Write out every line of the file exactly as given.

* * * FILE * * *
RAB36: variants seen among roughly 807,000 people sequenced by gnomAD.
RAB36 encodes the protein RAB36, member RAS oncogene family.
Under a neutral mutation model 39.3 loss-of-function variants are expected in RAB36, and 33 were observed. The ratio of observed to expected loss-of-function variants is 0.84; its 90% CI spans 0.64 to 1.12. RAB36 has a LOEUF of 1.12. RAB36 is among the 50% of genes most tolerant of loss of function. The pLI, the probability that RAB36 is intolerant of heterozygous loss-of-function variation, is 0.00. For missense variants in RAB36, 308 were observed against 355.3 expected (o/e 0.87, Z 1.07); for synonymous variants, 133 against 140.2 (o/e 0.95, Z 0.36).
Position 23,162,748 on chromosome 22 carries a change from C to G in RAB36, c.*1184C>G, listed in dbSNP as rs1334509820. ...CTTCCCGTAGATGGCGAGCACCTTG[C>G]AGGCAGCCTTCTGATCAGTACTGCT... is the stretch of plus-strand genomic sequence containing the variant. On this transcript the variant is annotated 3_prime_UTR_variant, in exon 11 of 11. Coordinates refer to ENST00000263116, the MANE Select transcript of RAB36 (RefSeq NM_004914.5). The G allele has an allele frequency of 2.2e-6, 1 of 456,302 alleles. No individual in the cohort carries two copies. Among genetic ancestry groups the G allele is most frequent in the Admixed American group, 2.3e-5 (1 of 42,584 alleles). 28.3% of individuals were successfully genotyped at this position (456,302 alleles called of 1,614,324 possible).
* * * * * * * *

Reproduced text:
RAB36: variants seen among roughly 807,000 people sequenced by gnomAD.
RAB36 encodes the protein RAB36, member RAS oncogene family.
Under a neutral mutation model 39.3 loss-of-function variants are expected in RAB36, and 33 were observed. The ratio of observed to expected loss-of-function variants is 0.84; its 90% CI spans 0.64 to 1.12. RAB36 has a LOEUF of 1.12. RAB36 is among the 50% of genes most tolerant of loss of function. The pLI, the probability that RAB36 is intolerant of heterozygous loss-of-function variation, is 0.00. For missense variants in RAB36, 308 were observed against 355.3 expected (o/e 0.87, Z 1.07); for synonymous variants, 133 against 140.2 (o/e 0.95, Z 0.36).
Position 23,162,748 on chromosome 22 carries a change from C to G in RAB36, c.*1184C>G, listed in dbSNP as rs1334509820. ...CTTCCCGTAGATGGCGAGCACCTTG[C>G]AGGCAGCCTTCTGATCAGTACTGCT... is the stretch of plus-strand genomic sequence containing the variant. On this transcript the variant is annotated 3_prime_UTR_variant, in exon 11 of 11. Coordinates refer to ENST00000263116, the MANE Select transcript of RAB36 (RefSeq NM_004914.5). The G allele has an allele frequency of 2.2e-6, 1 of 456,302 alleles. No individual in the cohort carries two copies. Among genetic ancestry groups the G allele is most frequent in the Admixed American group, 2.3e-5 (1 of 42,584 alleles). 28.3% of individuals were successfully genotyped at this position (456,302 alleles called of 1,614,324 possible).